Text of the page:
On this day, people are encouraged to unplug from technology and pick up a book, honoring this beloved skill that is an outlet of creativity for so many – both authors and their readers. Bibliophiles everywhere may take the day to visit their local library or catch up on their TBR (To Be Read) list. Although this holiday is technically unofficial and its origin is unknown, it is widely recognized, celebrating the joy literature can bring.
As an avid bookworm myself, books and music often go hand in hand, whether I am listening to a playlist while reading that matches the vibe, diving into an autobiography by one of my favorite artists or a biography about them, or reading fiction that is centered around music of some sort – and it’s also always fun when a musical reference pops up in a book that seems completely random.
I thought about how Alchemical could celebrate Book Lovers Day together and I decided to ask some of our writers about books involving music of any genre that have influenced them in some way, and how its musical aspect enhances the reading experience.
Emma P. – Daisy Jones and the Six by Taylor Jenkins Reid:
Daisy Jones is one of my favorite books of all time. If you haven’t already heard of it, or at least its inspired hit series on Amazon Prime, the book follows a fictional Fleetwood Mac-type rock band’s journey to superstardom throughout the 1970s, ultimately leading to their tumultuous breakup. The story is told interview-style, which is especially interesting for a music journalist like me, but also adds an interesting layer to how the plot unfolds. I highly recommend listening to the audiobook to get the full experience – you really feel like you get to know the characters. I was sad when I finished because I forgot that they weren’t a real band, but thanks to the show I no longer have to imagine!
Naturally, music is a huge part of the book; multiple characters treat writing as a form of therapy or a method of communication with another person that is easier than finding the right words to say. One of my favorite parts is that the back of the book contains the full lyrics of The Six songs mentioned throughout it! It is one of the most unique books I have ever read with a hard-hitting, emotional story written for music-lovers.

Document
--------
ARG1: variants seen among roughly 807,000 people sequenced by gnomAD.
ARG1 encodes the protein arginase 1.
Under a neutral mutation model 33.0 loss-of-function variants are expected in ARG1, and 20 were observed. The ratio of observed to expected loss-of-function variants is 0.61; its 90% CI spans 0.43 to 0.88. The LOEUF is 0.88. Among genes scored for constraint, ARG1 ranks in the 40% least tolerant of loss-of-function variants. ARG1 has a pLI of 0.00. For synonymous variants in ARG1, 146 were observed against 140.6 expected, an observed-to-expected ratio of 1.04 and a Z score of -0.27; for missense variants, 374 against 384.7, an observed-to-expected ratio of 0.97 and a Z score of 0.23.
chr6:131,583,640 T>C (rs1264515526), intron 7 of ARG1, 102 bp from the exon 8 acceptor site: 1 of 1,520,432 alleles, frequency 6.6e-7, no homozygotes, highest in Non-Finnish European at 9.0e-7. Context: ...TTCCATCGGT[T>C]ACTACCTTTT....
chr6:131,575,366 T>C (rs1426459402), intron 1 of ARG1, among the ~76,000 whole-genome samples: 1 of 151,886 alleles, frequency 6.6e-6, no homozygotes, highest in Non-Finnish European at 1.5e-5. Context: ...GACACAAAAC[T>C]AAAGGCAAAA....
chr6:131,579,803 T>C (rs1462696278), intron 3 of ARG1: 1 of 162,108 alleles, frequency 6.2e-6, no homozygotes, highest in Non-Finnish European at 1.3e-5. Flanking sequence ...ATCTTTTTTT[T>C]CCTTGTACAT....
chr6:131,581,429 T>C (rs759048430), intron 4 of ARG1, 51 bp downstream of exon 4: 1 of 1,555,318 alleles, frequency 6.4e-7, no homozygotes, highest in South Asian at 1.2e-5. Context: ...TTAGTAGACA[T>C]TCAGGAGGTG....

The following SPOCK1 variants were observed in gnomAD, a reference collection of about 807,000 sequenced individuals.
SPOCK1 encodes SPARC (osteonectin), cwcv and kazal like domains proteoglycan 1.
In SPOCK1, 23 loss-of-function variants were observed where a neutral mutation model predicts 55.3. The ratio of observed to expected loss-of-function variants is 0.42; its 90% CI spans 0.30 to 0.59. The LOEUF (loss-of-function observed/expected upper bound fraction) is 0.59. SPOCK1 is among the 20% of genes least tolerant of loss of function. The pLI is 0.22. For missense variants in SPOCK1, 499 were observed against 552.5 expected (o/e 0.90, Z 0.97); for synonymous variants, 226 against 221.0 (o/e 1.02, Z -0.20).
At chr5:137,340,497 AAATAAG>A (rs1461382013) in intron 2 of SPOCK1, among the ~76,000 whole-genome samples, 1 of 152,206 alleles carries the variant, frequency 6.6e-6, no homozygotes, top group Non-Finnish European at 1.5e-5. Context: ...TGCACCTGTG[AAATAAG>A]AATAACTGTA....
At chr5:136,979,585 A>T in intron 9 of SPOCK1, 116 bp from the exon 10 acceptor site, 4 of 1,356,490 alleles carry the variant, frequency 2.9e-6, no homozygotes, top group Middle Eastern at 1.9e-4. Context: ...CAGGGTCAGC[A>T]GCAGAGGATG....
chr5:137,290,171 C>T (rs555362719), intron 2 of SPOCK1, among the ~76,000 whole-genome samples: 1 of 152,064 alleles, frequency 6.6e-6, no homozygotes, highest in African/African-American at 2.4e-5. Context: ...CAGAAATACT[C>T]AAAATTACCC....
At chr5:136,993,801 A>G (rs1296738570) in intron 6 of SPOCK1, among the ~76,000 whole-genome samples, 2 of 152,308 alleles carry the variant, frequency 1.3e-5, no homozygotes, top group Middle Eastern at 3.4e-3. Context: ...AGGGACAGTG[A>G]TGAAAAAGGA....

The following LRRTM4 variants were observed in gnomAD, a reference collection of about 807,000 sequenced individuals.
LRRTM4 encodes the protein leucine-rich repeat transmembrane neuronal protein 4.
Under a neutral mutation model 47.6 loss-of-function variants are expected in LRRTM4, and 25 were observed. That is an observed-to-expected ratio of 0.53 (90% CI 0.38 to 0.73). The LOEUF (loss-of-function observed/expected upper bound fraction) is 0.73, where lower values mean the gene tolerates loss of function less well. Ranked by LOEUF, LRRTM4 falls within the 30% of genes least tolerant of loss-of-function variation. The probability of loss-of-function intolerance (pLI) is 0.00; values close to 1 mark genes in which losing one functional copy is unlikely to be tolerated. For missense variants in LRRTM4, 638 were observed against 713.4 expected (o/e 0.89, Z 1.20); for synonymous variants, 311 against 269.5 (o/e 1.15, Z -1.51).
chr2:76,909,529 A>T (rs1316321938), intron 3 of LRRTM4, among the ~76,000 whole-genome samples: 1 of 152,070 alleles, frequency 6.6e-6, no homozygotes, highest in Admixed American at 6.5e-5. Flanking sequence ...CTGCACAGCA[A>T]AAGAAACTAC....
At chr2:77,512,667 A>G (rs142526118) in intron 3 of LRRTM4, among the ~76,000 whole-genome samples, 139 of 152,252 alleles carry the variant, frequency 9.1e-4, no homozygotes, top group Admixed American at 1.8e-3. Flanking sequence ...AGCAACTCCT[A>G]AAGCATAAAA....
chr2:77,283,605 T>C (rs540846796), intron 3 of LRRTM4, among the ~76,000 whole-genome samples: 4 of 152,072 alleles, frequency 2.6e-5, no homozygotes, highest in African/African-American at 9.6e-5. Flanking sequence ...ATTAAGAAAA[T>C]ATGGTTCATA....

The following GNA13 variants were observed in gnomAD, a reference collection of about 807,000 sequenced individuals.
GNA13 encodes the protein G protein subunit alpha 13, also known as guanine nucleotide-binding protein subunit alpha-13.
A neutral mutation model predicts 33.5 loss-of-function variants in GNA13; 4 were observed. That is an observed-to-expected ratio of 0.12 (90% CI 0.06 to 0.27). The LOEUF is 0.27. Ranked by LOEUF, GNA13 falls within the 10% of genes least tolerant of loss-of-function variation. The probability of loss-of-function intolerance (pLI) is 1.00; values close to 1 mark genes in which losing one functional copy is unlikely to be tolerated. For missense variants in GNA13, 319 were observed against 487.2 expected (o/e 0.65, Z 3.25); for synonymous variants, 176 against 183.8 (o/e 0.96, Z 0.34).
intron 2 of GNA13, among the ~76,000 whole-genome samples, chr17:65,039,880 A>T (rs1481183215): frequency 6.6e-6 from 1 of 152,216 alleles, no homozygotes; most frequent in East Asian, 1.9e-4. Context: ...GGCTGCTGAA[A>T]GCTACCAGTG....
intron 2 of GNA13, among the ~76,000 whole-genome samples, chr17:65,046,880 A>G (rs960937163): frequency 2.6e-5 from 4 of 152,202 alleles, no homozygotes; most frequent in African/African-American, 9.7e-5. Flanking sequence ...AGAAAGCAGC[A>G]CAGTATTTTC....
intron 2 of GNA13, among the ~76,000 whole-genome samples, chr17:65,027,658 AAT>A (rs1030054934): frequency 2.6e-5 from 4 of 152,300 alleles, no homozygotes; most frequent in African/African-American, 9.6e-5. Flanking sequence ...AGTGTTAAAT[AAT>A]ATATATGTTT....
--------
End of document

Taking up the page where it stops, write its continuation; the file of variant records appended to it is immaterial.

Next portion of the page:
Emma’s Song Pairing Recommendations:
“Look at Us Now (Honeycomb)” – Daisy Jones & The Six
“The Chain” – Fleetwood Mac
“Regret Me” – Daisy Jones & The Six
“The River” – Daisy Jones & The Six
“Rhiannon” – Fleetwood Mac
Maura – Rock Bottom at the Renaissance: An Emo Kid’s Journey Through Falling In and Out of Love In and With New York City by Mike Henneberger:
Maura suggested her favorite music-related non-fiction pick, Rock Bottom at the Renaissance, Emmy-winning producer Mike Henneberger’s “mixtape memoir” about his time feeling lost in New York City, “stumbling down a path paved by mental illness, and littered with pieces of a broken heart and a broken mind,” his website says.
The book “follows those pieces through a mental breakdown that spanned his first years as a small-town Texas transplant in NYC, brainwashed by the New York romance that films, TV, books, and music, sold him.
If you don’t know Maura, she is a self-proclaimed proud forever emo kid, and she says that this book came to her “at the right place at the right time,” she stated in an Instagram post made for Mental Health Awareness Month in May 2021:
“Rock Bottom at the Renaissance came to me because of Tyler Posey posting about narrating the audiobook (which he did an absolutely brilliant job). I saw the list of bands, the words “Emo Kid”, “Love”, and “NYC” and fell in love instantly. As I spent the month packing, moving, and getting settled into a new place, taking finals, getting ready for my first part of senior year, this audiobook was there for me. Now, I definitely don’t relate to all of it, but like Mike, I like to make songs relate to myself that may not seem relatable … As I was listening to the playlist and story, I would replay scenes from my life in my head … good times, bad times, times I wish were different and what I would do differently, and what could have been and thinking about all the people I’ve lost, especially those to addiction.
As I prepare for my next chapter in the music industry (an industry people told me not to pursue) this week at my first internship, this book got me so excited to start and as I not only find my place in this industry, this helped me continue my journey of still finding MY place in life in general. I don’t know where I will be after I graduate … or even when I will really, but I do know that I want to move to NYC. Like the author, I do not call myself a musician since I am such a music nerd … at least not yet anyway … The point is that I’m still struggling and to know that Mike (and Tyler) came out on the other side really makes me want to just continue on and be hopeful.”